Sami Saleem, 30, had filed a petition with the Rawalpindi-based bench of the Lahore High Court in which he had said that his physical characteristics were like those of a man while his feelings and thoughts were like those of a woman.
Saleem said he had consulted a psychiatrist and had undergone counselling for two years, and that doctors had confirmed that he was suffering from gender identity disorder and needed an operation to change his sex.
He said he had contacted many doctors to conduct the gender reassignment surgery but all of them had declined, saying that there is no law in Pakistan which permitted them to carry out such an operation.
The doctors also advised him to get permission from court, he said.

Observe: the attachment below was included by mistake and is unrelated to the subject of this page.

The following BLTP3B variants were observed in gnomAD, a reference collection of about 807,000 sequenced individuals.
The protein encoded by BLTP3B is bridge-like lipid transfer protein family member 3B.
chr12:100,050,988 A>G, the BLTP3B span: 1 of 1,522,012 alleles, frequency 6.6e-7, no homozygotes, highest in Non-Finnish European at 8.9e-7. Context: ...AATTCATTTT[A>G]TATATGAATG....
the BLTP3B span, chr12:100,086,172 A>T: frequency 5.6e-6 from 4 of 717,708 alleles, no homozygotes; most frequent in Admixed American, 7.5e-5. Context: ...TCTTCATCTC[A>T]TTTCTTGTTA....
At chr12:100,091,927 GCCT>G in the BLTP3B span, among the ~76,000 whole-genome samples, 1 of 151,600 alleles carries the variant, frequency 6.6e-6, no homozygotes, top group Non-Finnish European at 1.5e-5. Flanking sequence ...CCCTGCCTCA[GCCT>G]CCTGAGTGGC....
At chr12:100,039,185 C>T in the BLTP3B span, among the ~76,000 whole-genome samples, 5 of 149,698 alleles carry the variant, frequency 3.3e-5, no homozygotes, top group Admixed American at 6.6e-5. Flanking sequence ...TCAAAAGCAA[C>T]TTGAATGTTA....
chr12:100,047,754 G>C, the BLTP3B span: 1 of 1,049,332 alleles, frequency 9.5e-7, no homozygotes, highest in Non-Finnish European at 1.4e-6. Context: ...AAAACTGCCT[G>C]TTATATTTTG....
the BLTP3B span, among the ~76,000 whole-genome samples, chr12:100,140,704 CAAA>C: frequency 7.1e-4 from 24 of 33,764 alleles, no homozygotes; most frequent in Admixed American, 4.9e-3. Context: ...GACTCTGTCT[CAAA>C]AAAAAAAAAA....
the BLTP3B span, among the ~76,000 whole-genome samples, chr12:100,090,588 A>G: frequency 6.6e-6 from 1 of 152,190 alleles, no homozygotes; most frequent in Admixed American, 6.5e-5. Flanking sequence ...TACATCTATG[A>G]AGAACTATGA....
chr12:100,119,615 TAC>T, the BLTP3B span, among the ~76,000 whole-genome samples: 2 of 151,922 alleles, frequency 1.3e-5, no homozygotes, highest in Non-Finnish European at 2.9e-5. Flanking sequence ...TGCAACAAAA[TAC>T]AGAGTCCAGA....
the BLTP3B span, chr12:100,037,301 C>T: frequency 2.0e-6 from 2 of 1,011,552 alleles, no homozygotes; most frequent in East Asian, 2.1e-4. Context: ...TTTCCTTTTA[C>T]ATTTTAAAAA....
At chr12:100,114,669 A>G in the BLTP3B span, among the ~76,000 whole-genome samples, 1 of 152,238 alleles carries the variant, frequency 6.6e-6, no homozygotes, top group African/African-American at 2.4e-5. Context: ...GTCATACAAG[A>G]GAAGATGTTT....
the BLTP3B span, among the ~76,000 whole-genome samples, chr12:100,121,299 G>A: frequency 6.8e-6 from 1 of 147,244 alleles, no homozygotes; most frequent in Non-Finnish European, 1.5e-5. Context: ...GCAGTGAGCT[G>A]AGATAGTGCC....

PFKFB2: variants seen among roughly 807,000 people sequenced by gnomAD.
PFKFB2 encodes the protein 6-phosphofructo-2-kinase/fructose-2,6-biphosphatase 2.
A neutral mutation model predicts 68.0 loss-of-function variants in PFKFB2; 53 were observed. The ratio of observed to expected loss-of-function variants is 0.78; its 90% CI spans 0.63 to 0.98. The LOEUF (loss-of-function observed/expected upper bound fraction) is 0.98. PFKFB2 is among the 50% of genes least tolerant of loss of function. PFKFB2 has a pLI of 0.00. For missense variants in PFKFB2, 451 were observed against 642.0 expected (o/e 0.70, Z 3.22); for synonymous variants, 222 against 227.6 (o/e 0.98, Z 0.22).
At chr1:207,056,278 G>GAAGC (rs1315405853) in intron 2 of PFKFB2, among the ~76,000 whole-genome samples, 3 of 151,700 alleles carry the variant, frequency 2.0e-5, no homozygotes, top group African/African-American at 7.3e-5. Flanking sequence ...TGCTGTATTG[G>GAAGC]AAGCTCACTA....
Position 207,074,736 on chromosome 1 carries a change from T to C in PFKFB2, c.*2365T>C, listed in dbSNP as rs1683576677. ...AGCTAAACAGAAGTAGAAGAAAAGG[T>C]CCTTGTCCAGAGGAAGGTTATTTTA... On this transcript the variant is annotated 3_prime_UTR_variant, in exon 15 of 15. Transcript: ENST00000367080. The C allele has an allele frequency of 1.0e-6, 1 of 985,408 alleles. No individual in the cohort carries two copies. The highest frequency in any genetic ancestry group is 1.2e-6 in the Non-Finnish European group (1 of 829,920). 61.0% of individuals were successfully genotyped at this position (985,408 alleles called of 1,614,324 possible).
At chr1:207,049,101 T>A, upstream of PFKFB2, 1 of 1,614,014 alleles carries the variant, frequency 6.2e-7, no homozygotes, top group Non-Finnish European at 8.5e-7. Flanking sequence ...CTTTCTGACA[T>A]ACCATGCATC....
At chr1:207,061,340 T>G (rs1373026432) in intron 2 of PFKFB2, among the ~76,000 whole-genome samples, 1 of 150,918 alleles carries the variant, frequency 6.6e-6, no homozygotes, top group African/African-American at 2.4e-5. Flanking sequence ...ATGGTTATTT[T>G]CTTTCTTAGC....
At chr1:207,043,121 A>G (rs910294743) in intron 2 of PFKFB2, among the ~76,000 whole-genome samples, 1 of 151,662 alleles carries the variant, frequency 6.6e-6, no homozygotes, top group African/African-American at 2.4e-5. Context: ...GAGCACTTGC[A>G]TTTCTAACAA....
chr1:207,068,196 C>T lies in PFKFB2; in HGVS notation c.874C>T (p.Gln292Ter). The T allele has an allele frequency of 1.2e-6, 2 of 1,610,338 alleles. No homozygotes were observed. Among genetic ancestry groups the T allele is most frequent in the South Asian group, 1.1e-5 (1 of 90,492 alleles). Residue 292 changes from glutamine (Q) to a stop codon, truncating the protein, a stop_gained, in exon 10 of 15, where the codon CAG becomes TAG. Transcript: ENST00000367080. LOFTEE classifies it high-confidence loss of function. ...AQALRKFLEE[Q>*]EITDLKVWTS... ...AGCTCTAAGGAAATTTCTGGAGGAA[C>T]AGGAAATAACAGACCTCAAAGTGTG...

Acting on Saleem's plea, a single-judge bench in Rawalpindi allowed him to undergo an operation to change his sex.
Earlier, Lahore High Court Chief Justice Khwaja Muhammad Sharif had dismissed a similar petition filed by Saleem, saying he should approach the Rawalpindi bench as he lived in the garrison city.
Saleem had mentioned in his petition that gender reassignment surgeries were being conducted in several Islamic countries, including Iran and Egypt.
However, observers said today's verdict is expected to trigger a heated debate, especially among religious groups and Islamic clerics who are opposed to such practices.